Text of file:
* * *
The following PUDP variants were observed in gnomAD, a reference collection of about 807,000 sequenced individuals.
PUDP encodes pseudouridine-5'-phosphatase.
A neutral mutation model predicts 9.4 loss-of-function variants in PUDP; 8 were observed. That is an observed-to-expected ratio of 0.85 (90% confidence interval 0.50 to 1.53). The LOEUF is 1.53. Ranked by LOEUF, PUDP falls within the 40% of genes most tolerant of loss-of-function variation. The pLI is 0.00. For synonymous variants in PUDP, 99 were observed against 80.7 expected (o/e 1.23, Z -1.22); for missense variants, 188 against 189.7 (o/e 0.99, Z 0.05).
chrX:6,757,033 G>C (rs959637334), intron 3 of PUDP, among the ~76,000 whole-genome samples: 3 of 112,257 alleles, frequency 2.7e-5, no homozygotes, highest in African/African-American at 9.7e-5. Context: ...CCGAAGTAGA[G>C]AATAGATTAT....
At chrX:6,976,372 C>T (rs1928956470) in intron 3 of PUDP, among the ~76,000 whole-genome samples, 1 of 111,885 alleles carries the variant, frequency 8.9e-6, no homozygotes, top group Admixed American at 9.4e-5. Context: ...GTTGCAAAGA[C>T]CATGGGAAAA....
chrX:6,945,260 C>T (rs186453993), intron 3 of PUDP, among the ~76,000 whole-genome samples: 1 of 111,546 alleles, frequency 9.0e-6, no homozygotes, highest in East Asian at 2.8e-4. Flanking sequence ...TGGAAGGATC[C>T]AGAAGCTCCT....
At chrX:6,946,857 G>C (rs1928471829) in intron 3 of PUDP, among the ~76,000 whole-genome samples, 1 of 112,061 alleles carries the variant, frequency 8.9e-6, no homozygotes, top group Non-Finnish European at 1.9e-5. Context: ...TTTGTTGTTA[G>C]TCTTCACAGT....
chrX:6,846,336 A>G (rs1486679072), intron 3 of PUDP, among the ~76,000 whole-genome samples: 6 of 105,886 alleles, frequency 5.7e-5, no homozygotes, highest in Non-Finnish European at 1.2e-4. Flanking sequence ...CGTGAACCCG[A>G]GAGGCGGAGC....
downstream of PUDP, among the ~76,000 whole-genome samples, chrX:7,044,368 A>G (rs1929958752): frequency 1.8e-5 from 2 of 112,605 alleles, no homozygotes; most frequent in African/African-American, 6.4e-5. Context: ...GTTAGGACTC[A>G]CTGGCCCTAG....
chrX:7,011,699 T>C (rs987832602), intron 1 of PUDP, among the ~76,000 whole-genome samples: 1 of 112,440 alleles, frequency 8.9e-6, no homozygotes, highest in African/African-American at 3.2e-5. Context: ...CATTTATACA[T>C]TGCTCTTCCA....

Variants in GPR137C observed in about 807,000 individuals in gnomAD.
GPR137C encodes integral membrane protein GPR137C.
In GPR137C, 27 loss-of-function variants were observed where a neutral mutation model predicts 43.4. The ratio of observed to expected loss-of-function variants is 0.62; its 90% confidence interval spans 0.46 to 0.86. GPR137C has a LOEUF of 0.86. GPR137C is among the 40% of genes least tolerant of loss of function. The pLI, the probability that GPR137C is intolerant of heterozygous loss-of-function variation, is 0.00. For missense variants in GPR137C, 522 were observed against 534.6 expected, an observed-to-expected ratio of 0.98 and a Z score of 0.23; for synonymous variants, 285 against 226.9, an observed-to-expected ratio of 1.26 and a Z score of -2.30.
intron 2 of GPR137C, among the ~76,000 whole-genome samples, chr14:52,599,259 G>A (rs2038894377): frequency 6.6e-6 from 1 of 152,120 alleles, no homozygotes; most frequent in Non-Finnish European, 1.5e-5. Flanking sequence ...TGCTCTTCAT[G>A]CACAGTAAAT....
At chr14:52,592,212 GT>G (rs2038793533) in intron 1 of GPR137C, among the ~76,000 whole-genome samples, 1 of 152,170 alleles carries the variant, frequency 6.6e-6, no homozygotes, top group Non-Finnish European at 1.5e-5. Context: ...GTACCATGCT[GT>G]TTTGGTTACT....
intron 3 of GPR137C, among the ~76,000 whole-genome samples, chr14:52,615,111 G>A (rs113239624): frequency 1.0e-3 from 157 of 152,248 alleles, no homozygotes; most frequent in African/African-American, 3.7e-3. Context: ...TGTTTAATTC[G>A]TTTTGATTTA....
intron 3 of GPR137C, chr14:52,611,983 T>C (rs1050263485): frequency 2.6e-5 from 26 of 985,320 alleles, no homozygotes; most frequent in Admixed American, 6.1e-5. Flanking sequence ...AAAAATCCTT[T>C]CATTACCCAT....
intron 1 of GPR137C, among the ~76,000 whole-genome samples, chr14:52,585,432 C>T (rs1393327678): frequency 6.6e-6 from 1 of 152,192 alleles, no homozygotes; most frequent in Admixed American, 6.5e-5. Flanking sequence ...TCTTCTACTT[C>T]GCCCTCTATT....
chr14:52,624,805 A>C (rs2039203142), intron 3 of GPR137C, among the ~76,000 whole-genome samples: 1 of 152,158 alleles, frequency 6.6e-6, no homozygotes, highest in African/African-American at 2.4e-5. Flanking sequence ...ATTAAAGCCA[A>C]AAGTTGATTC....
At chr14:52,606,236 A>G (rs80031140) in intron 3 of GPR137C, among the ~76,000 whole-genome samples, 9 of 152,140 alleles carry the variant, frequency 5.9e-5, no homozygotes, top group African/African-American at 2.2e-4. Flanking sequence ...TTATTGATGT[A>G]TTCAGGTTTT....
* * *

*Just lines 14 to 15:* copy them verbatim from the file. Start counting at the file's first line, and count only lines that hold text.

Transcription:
intron 2 of GPR137C, among the ~76,000 whole-genome samples, chr14:52,599,259 G>A (rs2038894377): frequency 6.6e-6 from 1 of 152,120 alleles, no homozygotes; most frequent in Non-Finnish European, 1.5e-5. Flanking sequence ...TGCTCTTCAT[G>A]CACAGTAAAT....
At chr14:52,592,212 GT>G (rs2038793533) in intron 1 of GPR137C, among the ~76,000 whole-genome samples, 1 of 152,170 alleles carries the variant, frequency 6.6e-6, no homozygotes, top group Non-Finnish European at 1.5e-5. Context: ...GTACCATGCT[GT>G]TTTGGTTACT....